Tuesday, May 19, 2009

Top 12 Healthy Frozen Dinners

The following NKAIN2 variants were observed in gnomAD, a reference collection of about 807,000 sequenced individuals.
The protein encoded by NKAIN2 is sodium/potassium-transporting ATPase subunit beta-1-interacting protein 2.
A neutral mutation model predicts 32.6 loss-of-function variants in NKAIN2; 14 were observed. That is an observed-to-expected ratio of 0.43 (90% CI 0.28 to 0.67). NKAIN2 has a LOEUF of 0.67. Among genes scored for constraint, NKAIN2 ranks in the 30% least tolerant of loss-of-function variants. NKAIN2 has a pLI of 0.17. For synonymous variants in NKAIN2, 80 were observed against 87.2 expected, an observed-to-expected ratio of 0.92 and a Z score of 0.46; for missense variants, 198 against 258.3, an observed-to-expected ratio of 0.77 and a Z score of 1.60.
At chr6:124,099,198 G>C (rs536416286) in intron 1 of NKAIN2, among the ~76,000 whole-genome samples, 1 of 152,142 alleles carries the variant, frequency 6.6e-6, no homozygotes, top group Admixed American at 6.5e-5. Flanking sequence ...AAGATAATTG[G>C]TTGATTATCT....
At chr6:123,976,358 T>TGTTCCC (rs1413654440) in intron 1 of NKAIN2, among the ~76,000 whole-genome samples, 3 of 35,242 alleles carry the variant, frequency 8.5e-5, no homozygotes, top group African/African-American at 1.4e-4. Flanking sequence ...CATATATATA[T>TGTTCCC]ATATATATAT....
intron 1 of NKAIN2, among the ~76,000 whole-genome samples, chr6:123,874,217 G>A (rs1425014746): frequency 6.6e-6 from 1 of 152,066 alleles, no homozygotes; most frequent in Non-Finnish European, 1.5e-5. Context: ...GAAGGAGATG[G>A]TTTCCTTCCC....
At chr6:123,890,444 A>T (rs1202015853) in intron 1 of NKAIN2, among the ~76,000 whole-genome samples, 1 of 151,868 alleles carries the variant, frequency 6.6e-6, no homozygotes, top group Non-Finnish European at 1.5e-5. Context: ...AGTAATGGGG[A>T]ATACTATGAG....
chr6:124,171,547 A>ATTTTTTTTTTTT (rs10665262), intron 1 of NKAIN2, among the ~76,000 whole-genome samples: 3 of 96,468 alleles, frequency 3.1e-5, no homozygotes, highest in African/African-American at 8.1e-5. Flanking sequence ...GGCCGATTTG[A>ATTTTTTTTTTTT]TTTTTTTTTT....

Roasted poblano chilies, steak tips with Portobello mushroom, pumpkin squash ravioli … these sound like mouth-watering restaurant entrees, but you can get them at your local supermarket. Just stroll down the freezer aisle to find these and many other enticing frozen dinners that can be ready in minutes. Frozen dinners are hotter than ever, claiming more shelf space than most any other type of frozen food. Forget the old-fashioned TV dinner featuring Salisbury steak, mashed potatoes, and gravy. Today, you can find ethnic, vegetarian, low-calorie, supersized, natural, and organic meals on your frozen food aisle. Frozen meals these days are trending toward less sodium, more vegetables, zero trans fats, more fiber, and 100% whole grains, says Leah McGrath, RD, corporate dietitian for the Ingles grocery chain. Some of the latest frozen meal choices include paninis/grilled sandwiches, gluten-free meals, and steamer bowls. "Steaming is the hottest trend with frozen meals because of a new technology that allows you to steam in the container," she says. "And that word 'steam' means healthy, lower fat, and easy to most consumers, so it has been a big seller." It's no surprise frozen dinners are popular. They're fast, convenient, and pre-portioned, a boon for singles, busy families, dieters, older people, and office workers. They can also be a money-saver when compared to restaurant meals. "At a time when most people are looking to save money, a frozen meal costing between $2.50-$4 is less expensive than eating out," says McGrath. With so many choices, the challenge is to find frozen meals that taste good, satisfy your hunger , and are healthy. WebMD went to the supermarket to find out which frozen dinners fit the bill. Best Frozen Meals: 12 Healthy Options There are too many healthy frozen dinners on the market to list, but here are 12 of the healthiest to consider when choosing your next frozen entree. All are relatively low in calories and fat, have some protein for satiety, and are not too high in sodium: Kashi Mayan Harvest Bake Healthy Choice Cajun Style Chicken and Shrimp Lean Cuisine Sundried Tomato Pesto Chicken Healthy Choice Pumpkin Squash Ravioli Kashi Black Bean Mango Lean Cuisine Beef Chow Fun Smart Ones Thai Style Chicken Rice Noodles Healthy Choice Sweet Asian Potstickers Lean Cuisine Glazed Chicken Kashi Ranchero Beans Smart Ones Cranberry Turkey Medallions Healthy Choice Café Steamer 5 Spice Beef & Vegetable How to Choose Frozen Dinners Ready to find your own favorite frozen meals? There's no getting around it: You'll need to read the "nutrition facts" panel on the package to see whether your choice is a healthy one. In general, look for meals that include one or more servings each of vegetables, whole grains, and lean meat, fish, or poultry. These tend to be lower in calories and higher in vitamins and minerals as well as fiber (which helps fill you up). Skip frozen dinners with cream sauces, gravies, or fried foods. And although dessert may look like a bonus, experts suggest having a piece of fresh fruit instead, for more fiber, nutrition, and fewer calories. Here are the experts’ guidelines for choosing a healthy frozen dinner. Keep in mind that some healthy meals will meet some, but not all, of these recommendations: 300-500 calories 10-18 grams of total fat, or less than 30% of total calories Less than 4 grams of saturated fat Less than 600 milligrams of sodium 3-5 grams of fiber 10% of the Recommended Daily Value of vitamins or minerals 10-20 grams of protein It's also important to pay attention to serving sizes. Although they may be lower in calories, smaller entrees may leave you hungry. But don't be afraid to add a few extras to boost nutrition and satisfaction, experts say. "Adding fruit, a side salad, and low-fat dairy boosts the nutritional value of the meal [and] adds fiber and calories, so it will fill you up and satisfy your hunger," says, Linda McDonald, MS, RD, editor of Supermarket Savvy newsletter. If you want to boost the protein, add 1/2 cup of beans or a sprinkling of nuts to your meal. The Facts on Frozen Dinners One thing to watch for: Even with a trend toward lower sodium, most frozen meals are high in it, says McDonald. "Sticking with the brands that claim to be lighter and healthier (such as Lean Cuisine, Kashi, Healthy Choice, Weight Watchers Smart One’s) makes it easier to make a healthier choice since they must be low in fat, saturated fat, sodium and cholesterol to meet the Food and Drug Administration requirements for 'healthy' meals," she says. But there are no guarantees. You still need to read the label to be certain. Look for frozen meals with less than 800 milligrams of sodium (that's about 1/3 of a day's recommended allotment). If you're on a low-sodium diet , divide your recommended daily number of sodium milligrams by three, and use that number as a guide. Although most brands of frozen meals are reputable, some labels may use wording that could mislead you. For example, it's not always clear what makes products labeled "natural" qualify for that terminology. And, some labels boast that their dinners are "preservative free" – but most frozen meals don't include preservatives anyway, because freezing prevents spoilage. The bottom line: Don't assume a product is healthy without checking out the nutrition facts panel. Article courtesy of WebMD

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